Trump Cognitive Test Revealed On Live TV

Former President Donald Trump once again boasted to Sean Hannity about acing a cognitive test, famously known for the phrase “Person, woman, man, camera, TV.” In a post on Truth Social, Trump claimed that all presidents or those aspiring to be should mandatorily take this cognitive test. During an interview on Fox News Channel’s Hannity, Trump reiterated his success on the cognitive test and emphasized that the questions were very tough.



Trump responded to Hannity’s skepticism about President Biden’s ability to sit down for an interview by bringing up his own cognitive tests. He argued that Biden wouldn’t be capable of handling such an exchange and stressed the importance of a cognitive test for a president. Although Trump acknowledged that some consider it unconstitutional, he proudly declared that he took two cognitive tests and aced both.

According to Trump, the cognitive assessments are not easy, especially the questions toward the end, which he described as very tough. He mentioned that Ronny Jackson, then-White House physician, also took one of these tests. Despite initially expressing doubts about the need for a cognitive test, Jackson administered it at Trump’s request. Trump insisted that the test was not prompted by clinical concerns but by his own wish to assess his cognitive ability. He claimed that he did exceedingly well on the more involved and longer cognitive assessment.

This recent reference to Trump’s cognitive test success appears to be part of his ongoing effort to highlight his mental acuity and question the cognitive abilities of his political rivals, including President Biden.

I was not going to do a cognitive exam, I had no intention of doing one. The reason that we did the cognitive assessment is, plain and simple, because the President asked me to do it. He came to me and he said, is there something we can do — a test, or some type of screen that we can do — to assess my cognitive ability?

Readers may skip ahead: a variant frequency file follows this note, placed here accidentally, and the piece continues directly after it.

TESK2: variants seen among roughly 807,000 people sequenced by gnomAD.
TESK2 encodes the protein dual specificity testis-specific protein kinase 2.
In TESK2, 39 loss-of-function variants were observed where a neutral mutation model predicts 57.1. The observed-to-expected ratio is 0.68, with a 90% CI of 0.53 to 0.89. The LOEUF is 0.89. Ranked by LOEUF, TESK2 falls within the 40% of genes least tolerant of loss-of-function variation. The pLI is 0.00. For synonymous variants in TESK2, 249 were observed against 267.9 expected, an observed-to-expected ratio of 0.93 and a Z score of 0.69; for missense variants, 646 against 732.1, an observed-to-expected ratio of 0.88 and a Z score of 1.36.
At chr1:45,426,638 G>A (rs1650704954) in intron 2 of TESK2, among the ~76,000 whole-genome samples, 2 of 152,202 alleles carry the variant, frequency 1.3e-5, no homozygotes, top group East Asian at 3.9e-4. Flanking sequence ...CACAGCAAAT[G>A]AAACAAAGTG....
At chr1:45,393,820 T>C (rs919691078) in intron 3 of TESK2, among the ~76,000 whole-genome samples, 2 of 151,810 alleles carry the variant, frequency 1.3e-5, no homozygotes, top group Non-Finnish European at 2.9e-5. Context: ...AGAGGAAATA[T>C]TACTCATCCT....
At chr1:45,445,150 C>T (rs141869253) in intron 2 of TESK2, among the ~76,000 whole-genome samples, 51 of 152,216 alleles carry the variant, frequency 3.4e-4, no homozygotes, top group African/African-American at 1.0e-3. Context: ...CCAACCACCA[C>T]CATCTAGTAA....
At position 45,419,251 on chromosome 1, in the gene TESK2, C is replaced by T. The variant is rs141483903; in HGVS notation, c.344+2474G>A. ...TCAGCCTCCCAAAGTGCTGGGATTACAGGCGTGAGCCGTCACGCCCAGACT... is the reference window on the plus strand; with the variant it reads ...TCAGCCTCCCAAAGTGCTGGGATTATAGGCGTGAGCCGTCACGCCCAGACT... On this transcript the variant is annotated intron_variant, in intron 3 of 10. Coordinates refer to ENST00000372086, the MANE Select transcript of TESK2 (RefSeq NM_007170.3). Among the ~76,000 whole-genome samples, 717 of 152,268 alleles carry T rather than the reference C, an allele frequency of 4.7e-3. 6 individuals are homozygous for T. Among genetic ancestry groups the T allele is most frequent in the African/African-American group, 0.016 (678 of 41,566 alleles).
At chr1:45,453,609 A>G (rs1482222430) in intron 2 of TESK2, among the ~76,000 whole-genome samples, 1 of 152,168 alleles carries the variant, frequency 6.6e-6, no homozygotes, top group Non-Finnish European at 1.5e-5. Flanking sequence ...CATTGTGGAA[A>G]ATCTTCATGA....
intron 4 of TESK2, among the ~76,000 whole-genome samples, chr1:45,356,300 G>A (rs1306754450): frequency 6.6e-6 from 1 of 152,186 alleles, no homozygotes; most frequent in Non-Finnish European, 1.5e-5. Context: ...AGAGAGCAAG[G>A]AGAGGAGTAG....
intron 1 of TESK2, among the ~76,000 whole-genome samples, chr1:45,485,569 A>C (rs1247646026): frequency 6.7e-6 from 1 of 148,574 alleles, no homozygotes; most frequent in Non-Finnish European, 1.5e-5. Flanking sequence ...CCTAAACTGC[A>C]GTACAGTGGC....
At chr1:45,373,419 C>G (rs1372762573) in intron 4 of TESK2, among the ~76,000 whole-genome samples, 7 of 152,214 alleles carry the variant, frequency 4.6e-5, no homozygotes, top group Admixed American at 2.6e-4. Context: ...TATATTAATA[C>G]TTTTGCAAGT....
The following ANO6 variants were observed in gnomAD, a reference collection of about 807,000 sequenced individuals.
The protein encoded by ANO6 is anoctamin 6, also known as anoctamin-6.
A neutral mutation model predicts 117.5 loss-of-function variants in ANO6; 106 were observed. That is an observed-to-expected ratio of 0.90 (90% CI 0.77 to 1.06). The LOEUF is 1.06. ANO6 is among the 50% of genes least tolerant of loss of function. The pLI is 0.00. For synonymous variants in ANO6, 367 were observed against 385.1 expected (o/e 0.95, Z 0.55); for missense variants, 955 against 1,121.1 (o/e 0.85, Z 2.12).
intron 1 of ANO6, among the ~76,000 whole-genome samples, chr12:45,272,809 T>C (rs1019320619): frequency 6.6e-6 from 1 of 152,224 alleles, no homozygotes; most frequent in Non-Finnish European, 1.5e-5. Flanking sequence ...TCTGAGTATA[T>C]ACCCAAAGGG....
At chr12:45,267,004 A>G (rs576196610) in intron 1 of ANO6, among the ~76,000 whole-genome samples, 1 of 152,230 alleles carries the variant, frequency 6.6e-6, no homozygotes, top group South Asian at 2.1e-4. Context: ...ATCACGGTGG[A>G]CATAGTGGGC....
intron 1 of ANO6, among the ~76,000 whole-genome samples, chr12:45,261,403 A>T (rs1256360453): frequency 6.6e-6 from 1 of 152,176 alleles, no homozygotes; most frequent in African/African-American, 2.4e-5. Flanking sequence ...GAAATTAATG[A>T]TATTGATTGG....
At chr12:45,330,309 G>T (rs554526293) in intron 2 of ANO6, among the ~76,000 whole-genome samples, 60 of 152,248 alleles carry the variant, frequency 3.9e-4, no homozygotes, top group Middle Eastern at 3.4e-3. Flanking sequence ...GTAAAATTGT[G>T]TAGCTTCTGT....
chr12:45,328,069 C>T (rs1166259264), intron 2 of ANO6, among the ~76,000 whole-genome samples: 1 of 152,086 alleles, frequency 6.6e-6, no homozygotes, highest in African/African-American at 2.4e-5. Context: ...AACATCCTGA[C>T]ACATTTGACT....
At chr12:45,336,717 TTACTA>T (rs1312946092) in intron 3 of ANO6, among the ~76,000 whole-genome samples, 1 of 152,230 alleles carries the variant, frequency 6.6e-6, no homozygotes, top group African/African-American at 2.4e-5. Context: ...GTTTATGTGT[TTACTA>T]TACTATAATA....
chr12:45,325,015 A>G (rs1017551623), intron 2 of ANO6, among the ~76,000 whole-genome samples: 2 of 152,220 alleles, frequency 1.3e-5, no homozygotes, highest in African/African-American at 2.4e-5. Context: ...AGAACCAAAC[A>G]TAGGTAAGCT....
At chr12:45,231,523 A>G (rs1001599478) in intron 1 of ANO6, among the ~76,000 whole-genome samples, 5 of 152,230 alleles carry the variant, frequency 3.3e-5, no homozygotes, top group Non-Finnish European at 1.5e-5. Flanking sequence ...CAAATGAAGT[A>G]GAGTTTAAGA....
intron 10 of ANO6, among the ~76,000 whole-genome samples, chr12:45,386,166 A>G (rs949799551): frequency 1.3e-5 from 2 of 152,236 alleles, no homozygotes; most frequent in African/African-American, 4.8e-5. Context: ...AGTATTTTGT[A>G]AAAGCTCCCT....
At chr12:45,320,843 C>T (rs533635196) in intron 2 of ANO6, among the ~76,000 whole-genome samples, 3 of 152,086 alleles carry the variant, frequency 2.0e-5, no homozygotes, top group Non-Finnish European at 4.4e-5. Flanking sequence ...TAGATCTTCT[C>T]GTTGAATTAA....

And so I looked into it, and once again — and my initial question was that I didn’t think it was indicated and I didn’t think we should do it. After looking at some of the guidelines, there are a few guidelines out there that lean in the direction of potentially doing it. You know, the Medicare guidelines and some of the NIH, National Institute of Aging — they’ve indicated that it might be a good thing to start doing for most patients in the future.

With that in mind, I went through and I looked at a variety of the cognitive assessments that were available. Most of them were very simple, very short. And I think that’s the goal, actually, for primary care providers, in doing this, is to keep it simple. Keep it short.

We picked one of the ones that was a little bit more involved, it was longer. It was the more difficult one of all of them. It took significantly longer to complete, but the President did exceedingly well on it. So that was not driven at all by any clinical concerns I have; it was driven by the President’s wishes and he did well on it.

Harrison Carter
Harrison Carter
Harrison Carter has been a huge pro wrestling fan since 2002, and it's been his first love ever since then. He has years of writing experience for all things pro wrestling. His interests outside of wrestling include films, books and soccer.

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